Manny Machado (Offer) 2019 26 7 175 25.0 0.00 33.8 0.19
Player contracts adjusted to 2019 money by bWAR. bWAR is separated into accumulated prior to signing and during the life of the contract. Current contracted players in italics. Fangraphs and Baseball Reference compiled by Sara Sanchez

I also attempted to get an idea of the value of a million dollars per bWAR. Obviously this isn’t an exact science, but it gives you an idea that for the most lucrative contract on this list (Alex Rodriguez’s original deal) he was paid $1 million for every .06 bWAR he had previously accumulated. Interestingly, that is one of the few deals that actually worked out. If you look at the actual bWAR/mil you’ll see that he was paid $1 million for every .13 bWAR he accumulated. Higher numbers in the prior bWAR/mil indicate less value for the player based on previous performance. Higher numbers in the actual bWAR/mil indicated more value for the team based on actual performance.

In terms of player value, the White Sox offer to Machado is squarely in the bottom quarter of contract values for players. His 0.19 value there is tied for fourth lowest in the ranking of most lucrative contracts. The White Sox are basically trying to pay 26-year-old Manny Machado at rate similar to what the Reds paid 30-year-old Ken Griffey Jr. — 19 years ago.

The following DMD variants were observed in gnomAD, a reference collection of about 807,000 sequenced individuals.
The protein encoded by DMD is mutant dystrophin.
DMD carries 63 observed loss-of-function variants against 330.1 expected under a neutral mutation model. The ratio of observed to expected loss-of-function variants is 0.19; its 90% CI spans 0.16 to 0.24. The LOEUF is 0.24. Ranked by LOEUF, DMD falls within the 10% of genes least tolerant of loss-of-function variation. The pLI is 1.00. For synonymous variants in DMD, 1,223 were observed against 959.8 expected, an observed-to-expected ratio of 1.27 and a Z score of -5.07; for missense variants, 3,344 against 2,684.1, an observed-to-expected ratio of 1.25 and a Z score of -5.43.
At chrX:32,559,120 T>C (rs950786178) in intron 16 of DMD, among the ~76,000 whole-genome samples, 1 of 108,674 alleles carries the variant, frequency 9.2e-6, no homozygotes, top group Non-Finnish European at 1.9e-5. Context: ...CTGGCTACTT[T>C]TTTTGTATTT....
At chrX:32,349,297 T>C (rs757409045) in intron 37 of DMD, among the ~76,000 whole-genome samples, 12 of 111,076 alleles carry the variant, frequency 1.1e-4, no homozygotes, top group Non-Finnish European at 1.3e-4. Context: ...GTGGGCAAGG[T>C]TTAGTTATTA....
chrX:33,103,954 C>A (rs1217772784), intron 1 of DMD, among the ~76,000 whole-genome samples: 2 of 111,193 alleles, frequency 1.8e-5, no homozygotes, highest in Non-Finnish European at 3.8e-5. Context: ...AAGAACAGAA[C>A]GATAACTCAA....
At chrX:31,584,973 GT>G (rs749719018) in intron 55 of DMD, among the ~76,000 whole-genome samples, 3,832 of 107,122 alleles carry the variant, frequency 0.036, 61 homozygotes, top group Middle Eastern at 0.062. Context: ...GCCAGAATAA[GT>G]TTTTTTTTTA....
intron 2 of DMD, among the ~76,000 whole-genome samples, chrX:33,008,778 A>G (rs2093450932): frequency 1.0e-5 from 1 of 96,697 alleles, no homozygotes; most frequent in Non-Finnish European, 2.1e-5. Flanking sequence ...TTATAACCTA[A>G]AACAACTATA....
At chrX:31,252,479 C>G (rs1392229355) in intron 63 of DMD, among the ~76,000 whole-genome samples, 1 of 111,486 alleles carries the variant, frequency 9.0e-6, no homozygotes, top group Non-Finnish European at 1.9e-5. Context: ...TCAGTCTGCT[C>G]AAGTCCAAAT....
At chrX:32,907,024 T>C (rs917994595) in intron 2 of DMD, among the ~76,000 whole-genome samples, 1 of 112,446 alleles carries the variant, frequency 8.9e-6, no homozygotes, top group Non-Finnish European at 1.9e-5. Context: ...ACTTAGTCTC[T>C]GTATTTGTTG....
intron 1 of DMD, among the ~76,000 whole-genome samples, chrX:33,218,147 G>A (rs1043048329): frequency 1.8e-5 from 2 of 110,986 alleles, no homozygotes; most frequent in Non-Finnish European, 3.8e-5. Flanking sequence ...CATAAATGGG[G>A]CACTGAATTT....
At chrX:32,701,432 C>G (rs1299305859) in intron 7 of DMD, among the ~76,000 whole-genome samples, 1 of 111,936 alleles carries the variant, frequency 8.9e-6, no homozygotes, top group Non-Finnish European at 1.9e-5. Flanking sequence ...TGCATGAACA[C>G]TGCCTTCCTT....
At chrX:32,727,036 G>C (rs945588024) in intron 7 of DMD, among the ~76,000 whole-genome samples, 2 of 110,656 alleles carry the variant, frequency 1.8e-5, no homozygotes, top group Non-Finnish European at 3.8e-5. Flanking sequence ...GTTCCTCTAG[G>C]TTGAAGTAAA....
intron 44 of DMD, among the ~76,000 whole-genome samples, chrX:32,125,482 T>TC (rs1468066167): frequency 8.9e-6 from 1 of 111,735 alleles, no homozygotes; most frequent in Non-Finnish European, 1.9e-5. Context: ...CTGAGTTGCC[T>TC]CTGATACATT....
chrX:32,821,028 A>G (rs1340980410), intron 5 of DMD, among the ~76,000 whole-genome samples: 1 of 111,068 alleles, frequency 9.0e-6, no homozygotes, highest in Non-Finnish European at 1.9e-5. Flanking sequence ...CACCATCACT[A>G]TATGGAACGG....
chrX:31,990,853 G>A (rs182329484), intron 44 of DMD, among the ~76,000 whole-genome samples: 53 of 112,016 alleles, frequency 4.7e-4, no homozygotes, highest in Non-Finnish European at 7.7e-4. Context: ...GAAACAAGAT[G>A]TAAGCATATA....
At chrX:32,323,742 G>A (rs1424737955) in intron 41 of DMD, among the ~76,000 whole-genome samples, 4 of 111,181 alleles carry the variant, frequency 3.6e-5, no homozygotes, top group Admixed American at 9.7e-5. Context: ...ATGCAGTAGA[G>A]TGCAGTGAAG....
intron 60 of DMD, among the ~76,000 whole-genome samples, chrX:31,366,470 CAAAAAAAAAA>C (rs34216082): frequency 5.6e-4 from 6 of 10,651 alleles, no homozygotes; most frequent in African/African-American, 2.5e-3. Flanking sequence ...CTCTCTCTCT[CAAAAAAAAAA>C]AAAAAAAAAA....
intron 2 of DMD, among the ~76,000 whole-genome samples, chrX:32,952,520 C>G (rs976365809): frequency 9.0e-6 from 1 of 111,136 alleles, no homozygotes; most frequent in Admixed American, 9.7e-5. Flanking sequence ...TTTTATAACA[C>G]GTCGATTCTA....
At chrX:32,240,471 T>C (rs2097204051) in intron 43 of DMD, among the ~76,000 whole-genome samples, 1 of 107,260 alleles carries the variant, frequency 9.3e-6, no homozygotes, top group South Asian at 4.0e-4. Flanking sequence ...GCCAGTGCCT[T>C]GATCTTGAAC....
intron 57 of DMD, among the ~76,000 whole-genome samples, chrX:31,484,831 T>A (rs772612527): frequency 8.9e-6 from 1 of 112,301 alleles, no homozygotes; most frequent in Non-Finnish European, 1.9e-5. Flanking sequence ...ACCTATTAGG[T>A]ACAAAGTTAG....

Maybe you think that’s okay. After all, Griffey is a Hall of Famer and we have no idea what the next 10 years of Machado will look like. However, it is worth noting that 33.8 bWAR before 26 just doesn’t earn a player what it used to despite soaring baseball revenue, which goes a long way to explaining the MLBPA’s angst at current market conditions.

Just for fun I also calculated an average prior bWAR/mil to see if I could project what Machado should get with his numbers. I mean, after all, while there are bad deals in this mix, there are some good deals as well. Using those numbers the average prior bWAR/mil was 0.13, almost exactly the same as CC Sabathia’s. Fortuitously, Sabathia signed a 7-year deal that is on the above table, so it’s easy to compare the two. Sabathia’s deal was worth $259 million in 2019 adjusted dollars. That’s $84 million more than the White Sox are reportedly offering Machado. It seems like here is a good place to point out that Sabathia was two years older with an extra season under his belt and slightly less total prior bWAR than Machado when he signed that deal. So logically I’d expect Machado to get more than Sabathia, not less.

Manny Machado should turn down this deal, and if I were in his camp I’d be insulted by it. Other players currently on the market and approaching free agency should be up in arms. This deal tells us a lot about the current market conditions that players are facing and there is every indication that it is going to get worse before it gets better.

Not great, Bob. Not great.